I always heard the phrase "A hero is only as power as the villain he overcomes." That's why fairy tales still resound with us to this day. Sure, it's pretty scary when the witch turns into a dragon at the end of Sleeping Beauty, but what kids take away is not that evil witches and dragons exist...or anything evil for that matter. What they take away is that they can be beaten.
What made me decide to write this post was an interview I saw with Neil Gaiman on YouTube. It covered a lot of his works -- his book Coraline, the fact that it was being made into a movie, and his new children's book The Graveyard Book, which won the 2009 Newberry Medal. There was a bit of controversy that it may be too scary for kids, but from what I've read of it, it's got about the same tone as Harry Potter when it came out. And it's a fascinating read for anyone, with little jokes for adults and kids throughout, well written, smart, and provocative. True, the book may start with a triple murder...but most stories start with an important death. Harry Potter started with a double murder, The Secret of NIMH started after Mrs. Brisby was widowed, and while the Scarecrow didn't die in The Wizard of Oz, he was torn limb from limb by the flying monkeys.
Anyway, there's really no right or wrong answer, I'm just curious why we've decided to treat our kids with rubber gloves more and more over the years. Kids used to be raised on the Grimm's Fairy Tales, and those were very morbid, but they taught us love conquers all, good defeats evil, and magic really does exist. Now we have very watered down versions of the original tales with the dragons' defanged and the witches' warts removed. And with these new prettied up versions of the old tales, are the heros really as heroic as they once were if the villains that they're overcoming are now mere shadows of their former selves? How heroic would Harry Potter have been if Lord Voldermort had been just an angry man with a grudge against kids instead of a murdering sociopath? Or if the dementors had been just hooded guards? What if the prince from Sleeping Beauty hadn't had to fight that dragon to get to his love?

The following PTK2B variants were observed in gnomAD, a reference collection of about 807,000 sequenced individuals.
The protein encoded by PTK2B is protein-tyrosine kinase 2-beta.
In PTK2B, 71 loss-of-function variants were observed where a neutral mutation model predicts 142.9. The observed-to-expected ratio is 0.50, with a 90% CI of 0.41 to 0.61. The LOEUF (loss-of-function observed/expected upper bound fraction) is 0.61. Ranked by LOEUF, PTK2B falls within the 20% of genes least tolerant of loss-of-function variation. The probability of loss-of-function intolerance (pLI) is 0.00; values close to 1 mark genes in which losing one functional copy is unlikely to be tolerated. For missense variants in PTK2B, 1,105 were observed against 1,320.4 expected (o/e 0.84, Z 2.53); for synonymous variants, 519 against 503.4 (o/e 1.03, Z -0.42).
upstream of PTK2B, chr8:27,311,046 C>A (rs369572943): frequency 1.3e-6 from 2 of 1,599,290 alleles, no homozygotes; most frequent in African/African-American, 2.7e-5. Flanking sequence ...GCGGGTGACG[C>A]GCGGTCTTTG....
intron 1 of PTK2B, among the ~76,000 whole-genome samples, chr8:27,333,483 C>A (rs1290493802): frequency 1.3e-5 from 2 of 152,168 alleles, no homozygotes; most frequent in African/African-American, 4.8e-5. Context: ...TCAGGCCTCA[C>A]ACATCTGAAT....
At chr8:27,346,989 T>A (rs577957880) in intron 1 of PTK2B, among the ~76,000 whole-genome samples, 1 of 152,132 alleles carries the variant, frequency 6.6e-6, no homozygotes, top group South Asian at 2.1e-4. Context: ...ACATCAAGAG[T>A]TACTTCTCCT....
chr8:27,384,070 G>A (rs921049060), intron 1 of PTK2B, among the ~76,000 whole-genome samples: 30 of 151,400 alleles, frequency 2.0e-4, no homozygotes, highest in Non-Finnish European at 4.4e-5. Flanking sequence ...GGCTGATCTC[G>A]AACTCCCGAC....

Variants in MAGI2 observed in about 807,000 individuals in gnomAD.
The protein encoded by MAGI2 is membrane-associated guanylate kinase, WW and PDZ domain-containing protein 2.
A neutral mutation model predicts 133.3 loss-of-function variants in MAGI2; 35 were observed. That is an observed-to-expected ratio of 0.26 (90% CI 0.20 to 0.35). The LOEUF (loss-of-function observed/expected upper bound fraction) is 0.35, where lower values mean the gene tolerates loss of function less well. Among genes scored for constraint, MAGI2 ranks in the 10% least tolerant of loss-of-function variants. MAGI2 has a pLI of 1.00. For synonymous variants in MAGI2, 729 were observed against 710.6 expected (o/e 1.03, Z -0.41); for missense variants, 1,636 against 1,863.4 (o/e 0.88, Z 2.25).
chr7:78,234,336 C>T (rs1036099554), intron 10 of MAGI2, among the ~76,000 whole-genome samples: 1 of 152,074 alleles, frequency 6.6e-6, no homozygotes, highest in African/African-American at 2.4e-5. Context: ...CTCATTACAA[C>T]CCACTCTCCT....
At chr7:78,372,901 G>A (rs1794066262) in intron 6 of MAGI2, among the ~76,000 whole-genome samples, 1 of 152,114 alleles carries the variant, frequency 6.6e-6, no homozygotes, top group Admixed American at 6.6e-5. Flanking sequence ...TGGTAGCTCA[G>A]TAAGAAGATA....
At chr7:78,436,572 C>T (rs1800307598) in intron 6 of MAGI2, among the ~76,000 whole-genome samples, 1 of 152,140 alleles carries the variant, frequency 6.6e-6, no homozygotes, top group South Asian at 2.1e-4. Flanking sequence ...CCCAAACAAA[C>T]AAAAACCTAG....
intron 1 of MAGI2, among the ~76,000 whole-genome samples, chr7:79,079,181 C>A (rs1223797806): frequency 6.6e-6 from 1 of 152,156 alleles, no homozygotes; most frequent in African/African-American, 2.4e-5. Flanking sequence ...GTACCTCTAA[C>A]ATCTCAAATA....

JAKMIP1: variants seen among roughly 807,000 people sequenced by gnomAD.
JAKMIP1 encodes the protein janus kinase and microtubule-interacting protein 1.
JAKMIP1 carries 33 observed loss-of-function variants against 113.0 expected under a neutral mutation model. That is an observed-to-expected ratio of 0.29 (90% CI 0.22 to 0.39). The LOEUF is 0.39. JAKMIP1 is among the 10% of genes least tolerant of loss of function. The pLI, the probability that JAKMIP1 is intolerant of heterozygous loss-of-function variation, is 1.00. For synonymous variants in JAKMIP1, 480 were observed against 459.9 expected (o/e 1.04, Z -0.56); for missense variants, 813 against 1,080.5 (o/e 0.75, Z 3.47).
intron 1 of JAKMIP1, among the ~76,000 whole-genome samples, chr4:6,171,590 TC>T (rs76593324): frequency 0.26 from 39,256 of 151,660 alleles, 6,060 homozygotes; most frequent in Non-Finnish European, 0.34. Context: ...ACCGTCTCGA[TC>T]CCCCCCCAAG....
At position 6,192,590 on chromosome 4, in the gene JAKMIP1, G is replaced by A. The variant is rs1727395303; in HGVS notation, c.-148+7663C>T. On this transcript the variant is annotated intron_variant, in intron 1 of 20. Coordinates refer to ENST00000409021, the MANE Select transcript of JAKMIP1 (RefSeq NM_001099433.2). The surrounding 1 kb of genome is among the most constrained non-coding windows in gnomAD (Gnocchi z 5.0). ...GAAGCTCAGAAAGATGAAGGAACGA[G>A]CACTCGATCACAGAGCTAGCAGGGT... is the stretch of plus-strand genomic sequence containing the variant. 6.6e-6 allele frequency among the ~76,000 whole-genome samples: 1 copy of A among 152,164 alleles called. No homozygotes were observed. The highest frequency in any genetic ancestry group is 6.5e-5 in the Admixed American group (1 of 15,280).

Where have our heroes gone? And why do we feel that we need to diminish their struggles to protect kids from the real world. Neil Gaiman uses an amazing quote by G. K. Chesterton at the beginning of his book Coraline:
"Fairy Tales are more than true; not because they tell us that dragons exist, but because they tell us that dragons can be beaten."
What do you think? Do you think it was wrong to show us those scary, mature things when we were kids? Do you think that we should protect our kids from the darkness of the real world for as long as we can, or do you think that kids know there is darkness in the world, and these little stories and things are a message of hope that you can beat the witches? Let me know in the comments.
And judge for yourself. You can listen to Neil Gaiman's entire book The Graveyard Book on his site here. -- Read by the author! Very cool to see.
Also, here's the original interview -- a long interview, but a very, very interesting one.